The truth is, at the moment there's little to no incentive not to cheat in most of these shows. Sure, most ad agencies will figure out a way to make it technically legit (i.e., it ran once in this tiny little publication) but are those really any more legit than a totally fake ad?

In response to the uproar around DDB Brasil's controversial ad, the One Show has enacted new rules to deter fake entries. Basically, if you enter a fake ad and get found out, the agency and everyone credited is banned from entering the One Show for five years. If you enter an ad that 'ran once,' or the agency paid to run, etc., but isn't really legit, under The One Show's discretion the agency is banned for three years.

Personally, I applaud the One Show for finally taking some much needed steps to deter this ever-growing practice. I think the banning will help enormously, assuming it's enforced.

* On another note, check out the even worse TV spot from DDB Brasil that surfaced this past week. They apparently tried to enter it in the Cannes Film Festival, but thankfully, it didn't get shortlisted.

Wednesday, September 2, 2009

Pfizer Follow-up: Record Fines over Illegal Promotions

Well over a year and a half ago, Christine reported that drug giant Pfizer was in some trouble for using an unlicensed M.D. to promote their drug Lipitor. Now, as this article on Yahoo! describes, Pfizer has been fined $2.3 billion in civil and criminal penalties for illegal promotions.

According to the article, "Pfizer invited doctors to consultant meetings at resort locations, paying their expenses and providing perks."

"FBI Assistant Director Kevin Perkins praised the whistleblowers who decided to 'speak out against a corporate giant that was blatantly violating the law and misleading the public through false marketing claims.' "

While not related to the incident in Christine's original post, it seems this kind of thing has been a problem for Pfizer for some time.

"Authorities called Pfizer a repeat offender, noting it is the fourth such settlement of government charges in the last decade. They said the government will monitor the company's conduct for the next five years to rein in the abuses."


Wednesday, August 26, 2009

New Texting While Driving PSA

A new texting while driving PSA from the U.K. is making an impact. I first saw it on NBC Nightly News last night, where they showed the first 30 seconds or so and claimed it's already gone viral. The full-length version runs 4:15, but it's worth a watch. Like many PSAs, the content is pretty graphic.

Yesterday, coincidentally, I was driving in a lane next to a girl who was texting--two hands on her phone, no hands on the wheel, no eyes on the road in front of her. Luckily for me, she was swerving right while I passed on her left. NC state law now prohibits texting while driving, as do other states. (I'm not in NC now.) Hopefully all others will follow suit soon.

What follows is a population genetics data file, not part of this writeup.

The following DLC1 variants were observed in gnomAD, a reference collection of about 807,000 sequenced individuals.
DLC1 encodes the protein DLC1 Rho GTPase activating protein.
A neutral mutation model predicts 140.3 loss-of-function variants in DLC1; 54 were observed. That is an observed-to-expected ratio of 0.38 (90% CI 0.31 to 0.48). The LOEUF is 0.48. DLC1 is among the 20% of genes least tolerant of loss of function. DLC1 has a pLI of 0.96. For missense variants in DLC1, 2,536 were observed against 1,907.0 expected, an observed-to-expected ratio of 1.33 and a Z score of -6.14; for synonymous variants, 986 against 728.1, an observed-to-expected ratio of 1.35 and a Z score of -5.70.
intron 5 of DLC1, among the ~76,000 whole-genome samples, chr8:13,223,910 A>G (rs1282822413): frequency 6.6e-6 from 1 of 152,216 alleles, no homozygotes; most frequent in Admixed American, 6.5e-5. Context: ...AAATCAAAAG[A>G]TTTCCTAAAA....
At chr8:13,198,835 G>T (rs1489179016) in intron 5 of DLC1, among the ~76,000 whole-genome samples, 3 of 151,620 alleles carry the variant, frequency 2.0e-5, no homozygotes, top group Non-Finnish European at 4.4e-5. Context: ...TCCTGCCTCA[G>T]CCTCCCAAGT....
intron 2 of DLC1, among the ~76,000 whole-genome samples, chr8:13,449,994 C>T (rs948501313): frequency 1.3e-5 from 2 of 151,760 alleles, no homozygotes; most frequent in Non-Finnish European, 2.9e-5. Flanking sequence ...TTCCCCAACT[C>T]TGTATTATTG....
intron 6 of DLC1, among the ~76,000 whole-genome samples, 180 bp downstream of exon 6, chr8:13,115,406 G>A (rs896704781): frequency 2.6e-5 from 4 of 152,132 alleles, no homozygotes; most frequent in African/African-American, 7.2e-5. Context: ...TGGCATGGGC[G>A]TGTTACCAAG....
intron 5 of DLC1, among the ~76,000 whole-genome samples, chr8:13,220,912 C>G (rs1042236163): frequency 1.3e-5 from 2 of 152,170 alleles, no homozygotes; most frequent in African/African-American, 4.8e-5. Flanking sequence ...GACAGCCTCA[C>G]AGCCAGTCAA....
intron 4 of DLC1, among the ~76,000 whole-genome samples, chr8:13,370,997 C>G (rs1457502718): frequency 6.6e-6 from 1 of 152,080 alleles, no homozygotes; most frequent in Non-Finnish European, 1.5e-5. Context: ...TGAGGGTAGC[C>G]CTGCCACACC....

Friday, August 21, 2009

Video In Your Magazine?

Yep, the Sept. 18 annual fall TV preview edition of Entertainment Weekly will feature an insert by CBS with a 2x2 paper thin video player. And the player is even interactive! It'll feature 40 minutes of promotional content for CBS as well as a spot for Pepsi Max. Apparently it's even rechargeable. This is the first ever use of video in a print ad.

Can we say wow? I never thought I'd see the day when we'd be putting videos in paper products (I never really thought about it really) but it's a crazy cool idea. I'm curious to see how well the video survives if the magazine gets beat up or rolled up or smashed. I thought I'd pick up a copy of that Entertainment Weekly issue just to check it out, but unfortunately they're only going to be available in New York and Los Angeles. You can see a little preview of it on You Tube though. I'm also curious to know the cost, even just the production cost for the video player inserts. Crazy cool.

(via Truth Against the World)

Monday, August 17, 2009

Truth in Advertising #38

On your birthday, it's expected that you bring in treats for everyone in the agency.

(Take note, Anonymous.)

Thursday, August 13, 2009

Steer Clear of the First Children in Advertising

There's a big ad controversy going on in DC at the moment revolving around some posters in the DC Metro that mention Obama's daughters. The posters are indeed politically motivated—they lobby for healthier school lunches and were placed in the Metro to target commuters going to the Hill just a month before a congressional vote on the Child Nutrition Act. The White House has requested the removal of the posters, but the group responsible for them, the Physicians Committee for Responsible Medicine (PCRM), has declined to do so, stating they think it's only President Obama's handlers and not the President himself who have a problem with this.